Bisket Jatra is celebrated in Bhaktapur and Thimi at the start of the New Year on the Bikram Sambat calendar. If you belong to the valley, you sure will be familiar to a lot of Jatras and festival, Bisket Jatra is just one of them which mainly praise the God Bhairav and the Goddess Bhadrakali. People prepare huge chariots and they are pulled by young men all around the narrow streets of Bhaktapur. There is even a tug of war between the people from the upper part of town (THANE) and the lower part (KONE). Sindur Jatra is celebrated in Balkumari, Thimi side by side Bisket Jatra. Local inhabitants of Thimi gather in the streets with their own chariot carrying different gods and goddesses. Sindoor (vermilion red) is showered over the gods and people, a sign of offering prayers and good wishes. The 9 day Bisket jatra usually falls on the month of April and if you are in Kathmandu during the same period, you could go for the one day Kathmandu ancient city tour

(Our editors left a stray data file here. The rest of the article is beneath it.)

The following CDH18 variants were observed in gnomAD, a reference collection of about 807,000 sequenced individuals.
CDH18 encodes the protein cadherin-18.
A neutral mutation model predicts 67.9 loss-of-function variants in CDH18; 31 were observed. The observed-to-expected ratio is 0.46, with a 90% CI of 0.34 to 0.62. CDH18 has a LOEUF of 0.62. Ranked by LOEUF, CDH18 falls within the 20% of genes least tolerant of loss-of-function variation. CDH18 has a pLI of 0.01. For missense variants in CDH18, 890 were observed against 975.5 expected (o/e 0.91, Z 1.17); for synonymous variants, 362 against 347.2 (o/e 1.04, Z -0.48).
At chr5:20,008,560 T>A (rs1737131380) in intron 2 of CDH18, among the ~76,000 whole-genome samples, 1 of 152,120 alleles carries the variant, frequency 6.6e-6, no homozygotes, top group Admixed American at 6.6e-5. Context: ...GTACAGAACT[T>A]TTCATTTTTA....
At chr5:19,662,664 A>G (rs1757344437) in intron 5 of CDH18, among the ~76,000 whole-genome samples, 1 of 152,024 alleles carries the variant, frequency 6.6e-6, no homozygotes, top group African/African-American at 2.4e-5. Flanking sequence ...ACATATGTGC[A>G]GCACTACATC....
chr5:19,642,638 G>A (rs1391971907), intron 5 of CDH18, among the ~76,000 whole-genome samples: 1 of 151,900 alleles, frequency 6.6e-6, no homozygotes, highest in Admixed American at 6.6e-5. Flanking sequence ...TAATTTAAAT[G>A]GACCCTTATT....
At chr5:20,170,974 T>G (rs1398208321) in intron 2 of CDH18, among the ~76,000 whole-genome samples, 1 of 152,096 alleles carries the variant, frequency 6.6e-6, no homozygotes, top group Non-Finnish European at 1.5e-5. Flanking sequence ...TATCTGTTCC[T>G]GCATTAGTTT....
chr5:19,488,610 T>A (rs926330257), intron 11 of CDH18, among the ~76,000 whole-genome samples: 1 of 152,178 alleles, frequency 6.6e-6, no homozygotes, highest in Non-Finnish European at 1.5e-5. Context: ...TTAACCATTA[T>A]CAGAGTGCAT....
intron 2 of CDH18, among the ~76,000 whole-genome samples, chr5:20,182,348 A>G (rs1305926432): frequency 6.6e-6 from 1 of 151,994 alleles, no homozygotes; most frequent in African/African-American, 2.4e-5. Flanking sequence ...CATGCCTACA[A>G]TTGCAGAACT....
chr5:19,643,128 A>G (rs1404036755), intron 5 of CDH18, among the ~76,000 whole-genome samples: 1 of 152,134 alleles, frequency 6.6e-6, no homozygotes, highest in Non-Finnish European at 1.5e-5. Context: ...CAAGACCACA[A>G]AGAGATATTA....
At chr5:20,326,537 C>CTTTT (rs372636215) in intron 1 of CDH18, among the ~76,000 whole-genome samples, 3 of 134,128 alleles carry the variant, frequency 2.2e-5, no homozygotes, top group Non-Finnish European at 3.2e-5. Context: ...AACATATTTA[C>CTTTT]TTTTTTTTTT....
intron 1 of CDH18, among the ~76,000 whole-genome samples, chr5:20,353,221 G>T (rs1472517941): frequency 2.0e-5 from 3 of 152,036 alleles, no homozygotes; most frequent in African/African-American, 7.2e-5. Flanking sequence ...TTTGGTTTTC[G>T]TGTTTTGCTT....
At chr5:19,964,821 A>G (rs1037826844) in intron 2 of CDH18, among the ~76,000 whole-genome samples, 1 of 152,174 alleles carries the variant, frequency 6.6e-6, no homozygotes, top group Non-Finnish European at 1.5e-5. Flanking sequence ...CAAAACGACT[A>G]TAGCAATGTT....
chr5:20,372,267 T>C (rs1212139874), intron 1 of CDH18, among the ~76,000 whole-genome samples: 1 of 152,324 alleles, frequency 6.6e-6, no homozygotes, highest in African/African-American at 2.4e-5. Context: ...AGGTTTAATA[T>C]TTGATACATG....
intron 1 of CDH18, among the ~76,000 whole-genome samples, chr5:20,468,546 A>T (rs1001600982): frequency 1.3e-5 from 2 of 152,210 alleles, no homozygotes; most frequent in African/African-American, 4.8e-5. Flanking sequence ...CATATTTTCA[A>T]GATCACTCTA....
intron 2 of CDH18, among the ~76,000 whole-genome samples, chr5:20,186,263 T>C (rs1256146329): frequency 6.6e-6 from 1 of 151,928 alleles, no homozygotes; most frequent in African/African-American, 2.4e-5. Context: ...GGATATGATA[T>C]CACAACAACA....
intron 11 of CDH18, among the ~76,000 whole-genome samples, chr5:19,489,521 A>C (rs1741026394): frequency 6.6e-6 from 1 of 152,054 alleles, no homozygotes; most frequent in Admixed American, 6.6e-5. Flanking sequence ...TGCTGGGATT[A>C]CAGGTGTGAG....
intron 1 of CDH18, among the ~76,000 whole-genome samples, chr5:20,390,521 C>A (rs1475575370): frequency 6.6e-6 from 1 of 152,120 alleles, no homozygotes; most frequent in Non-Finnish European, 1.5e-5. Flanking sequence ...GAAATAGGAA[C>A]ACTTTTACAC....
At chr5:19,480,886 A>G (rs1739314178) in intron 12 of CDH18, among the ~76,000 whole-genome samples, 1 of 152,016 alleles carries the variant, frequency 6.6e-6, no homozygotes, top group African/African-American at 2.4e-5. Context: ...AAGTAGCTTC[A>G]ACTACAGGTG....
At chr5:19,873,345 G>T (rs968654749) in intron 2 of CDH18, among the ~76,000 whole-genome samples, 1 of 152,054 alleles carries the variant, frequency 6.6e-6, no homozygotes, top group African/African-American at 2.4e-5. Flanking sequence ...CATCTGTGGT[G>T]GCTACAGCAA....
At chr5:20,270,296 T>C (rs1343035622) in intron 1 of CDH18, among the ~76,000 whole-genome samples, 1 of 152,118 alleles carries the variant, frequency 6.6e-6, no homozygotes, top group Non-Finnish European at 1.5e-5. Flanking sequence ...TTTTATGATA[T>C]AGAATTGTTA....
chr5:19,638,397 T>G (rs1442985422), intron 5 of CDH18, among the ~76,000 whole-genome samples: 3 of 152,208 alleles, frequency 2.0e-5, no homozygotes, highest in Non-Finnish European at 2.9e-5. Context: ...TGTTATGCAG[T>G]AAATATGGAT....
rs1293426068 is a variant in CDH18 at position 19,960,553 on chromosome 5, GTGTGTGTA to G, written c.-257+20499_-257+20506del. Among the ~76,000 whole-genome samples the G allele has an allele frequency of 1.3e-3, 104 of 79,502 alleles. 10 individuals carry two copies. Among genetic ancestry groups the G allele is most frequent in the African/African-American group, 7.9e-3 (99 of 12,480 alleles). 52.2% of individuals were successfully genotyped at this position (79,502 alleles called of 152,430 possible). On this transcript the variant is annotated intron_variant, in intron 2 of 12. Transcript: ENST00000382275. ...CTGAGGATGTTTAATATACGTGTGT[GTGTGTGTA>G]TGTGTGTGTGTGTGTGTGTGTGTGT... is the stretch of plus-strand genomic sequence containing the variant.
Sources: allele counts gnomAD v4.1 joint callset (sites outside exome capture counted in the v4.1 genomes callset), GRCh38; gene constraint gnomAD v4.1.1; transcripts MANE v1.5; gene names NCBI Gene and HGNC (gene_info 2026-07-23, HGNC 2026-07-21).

There are many legends associated with Bisket Jatra. Among the many stories, two stories are very popular among the Newar community and widely accepted by the people. The first legend is about the princess and her snakes. The Malla king Jagajoyti Malla was fascinated by legends and myth. He heard the story of the princess who held a curse that decreed that anyone who married her, died the next morning. The princess’s father was very worried about her daughter as whoever married her was found dead the next morning. Finally an old woman’s son was chosen as the groom for the princess. The old lady was reluctant to give her son to the princess as he was her only support during old age. Another old woman advised the boy what he should do on their wedding night and the boy agreed to marry the princess. On the wedding night, once the princess fell asleep, the boy remained awake following the advice of the old lady. The boy noticed that two rope like things came out the nostrils of the princess which took the shape of snakes. The boy quickly cut the snakes and killed them before they could grow any further as told to do by the old lady. The citizens later came to know of what had happened and found out that the old lady that had advised the young boy was none other than the Goddess Bhadrakali. King Jagajoyti loved the story and wanted the story to be remembered with joy and prosperity. He started the Bisyaku Jatra which later came to be known as Bisket Jatra.